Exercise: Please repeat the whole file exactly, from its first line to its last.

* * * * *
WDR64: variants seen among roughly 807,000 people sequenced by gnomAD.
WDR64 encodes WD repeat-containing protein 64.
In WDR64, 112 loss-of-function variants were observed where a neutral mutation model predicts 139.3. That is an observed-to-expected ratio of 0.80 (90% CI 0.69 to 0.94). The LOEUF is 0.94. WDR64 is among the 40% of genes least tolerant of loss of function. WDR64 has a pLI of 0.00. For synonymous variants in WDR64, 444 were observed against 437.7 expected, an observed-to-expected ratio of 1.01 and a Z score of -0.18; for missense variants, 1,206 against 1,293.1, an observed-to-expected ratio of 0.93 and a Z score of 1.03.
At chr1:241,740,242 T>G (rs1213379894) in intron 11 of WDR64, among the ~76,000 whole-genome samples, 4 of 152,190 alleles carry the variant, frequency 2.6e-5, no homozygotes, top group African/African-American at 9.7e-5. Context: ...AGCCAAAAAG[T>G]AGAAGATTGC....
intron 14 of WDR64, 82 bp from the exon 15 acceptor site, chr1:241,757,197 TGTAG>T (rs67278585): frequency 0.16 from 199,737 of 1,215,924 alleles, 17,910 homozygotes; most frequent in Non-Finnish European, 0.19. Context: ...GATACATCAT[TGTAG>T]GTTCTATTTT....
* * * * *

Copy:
WDR64: variants seen among roughly 807,000 people sequenced by gnomAD.
WDR64 encodes WD repeat-containing protein 64.
In WDR64, 112 loss-of-function variants were observed where a neutral mutation model predicts 139.3. That is an observed-to-expected ratio of 0.80 (90% CI 0.69 to 0.94). The LOEUF is 0.94. WDR64 is among the 40% of genes least tolerant of loss of function. WDR64 has a pLI of 0.00. For synonymous variants in WDR64, 444 were observed against 437.7 expected, an observed-to-expected ratio of 1.01 and a Z score of -0.18; for missense variants, 1,206 against 1,293.1, an observed-to-expected ratio of 0.93 and a Z score of 1.03.
At chr1:241,740,242 T>G (rs1213379894) in intron 11 of WDR64, among the ~76,000 whole-genome samples, 4 of 152,190 alleles carry the variant, frequency 2.6e-5, no homozygotes, top group African/African-American at 9.7e-5. Context: ...AGCCAAAAAG[T>G]AGAAGATTGC....
intron 14 of WDR64, 82 bp from the exon 15 acceptor site, chr1:241,757,197 TGTAG>T (rs67278585): frequency 0.16 from 199,737 of 1,215,924 alleles, 17,910 homozygotes; most frequent in Non-Finnish European, 0.19. Context: ...GATACATCAT[TGTAG>T]GTTCTATTTT....